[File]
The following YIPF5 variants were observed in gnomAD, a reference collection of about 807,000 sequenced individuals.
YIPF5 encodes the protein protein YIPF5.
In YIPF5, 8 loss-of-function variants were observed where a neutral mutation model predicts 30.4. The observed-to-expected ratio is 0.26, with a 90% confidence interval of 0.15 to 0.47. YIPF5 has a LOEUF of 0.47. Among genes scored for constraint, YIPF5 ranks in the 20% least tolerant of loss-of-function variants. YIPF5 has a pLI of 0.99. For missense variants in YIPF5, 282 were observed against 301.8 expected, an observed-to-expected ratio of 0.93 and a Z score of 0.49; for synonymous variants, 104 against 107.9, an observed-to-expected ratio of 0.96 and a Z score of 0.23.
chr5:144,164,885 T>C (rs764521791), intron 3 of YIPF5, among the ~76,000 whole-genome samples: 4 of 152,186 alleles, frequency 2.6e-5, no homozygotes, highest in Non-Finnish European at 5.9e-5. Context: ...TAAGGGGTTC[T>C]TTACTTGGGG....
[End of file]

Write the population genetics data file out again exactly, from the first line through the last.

The following YIPF5 variants were observed in gnomAD, a reference collection of about 807,000 sequenced individuals.
YIPF5 encodes the protein protein YIPF5.
In YIPF5, 8 loss-of-function variants were observed where a neutral mutation model predicts 30.4. The observed-to-expected ratio is 0.26, with a 90% confidence interval of 0.15 to 0.47. YIPF5 has a LOEUF of 0.47. Among genes scored for constraint, YIPF5 ranks in the 20% least tolerant of loss-of-function variants. YIPF5 has a pLI of 0.99. For missense variants in YIPF5, 282 were observed against 301.8 expected, an observed-to-expected ratio of 0.93 and a Z score of 0.49; for synonymous variants, 104 against 107.9, an observed-to-expected ratio of 0.96 and a Z score of 0.23.
chr5:144,164,885 T>C (rs764521791), intron 3 of YIPF5, among the ~76,000 whole-genome samples: 4 of 152,186 alleles, frequency 2.6e-5, no homozygotes, highest in Non-Finnish European at 5.9e-5. Context: ...TAAGGGGTTC[T>C]TTACTTGGGG....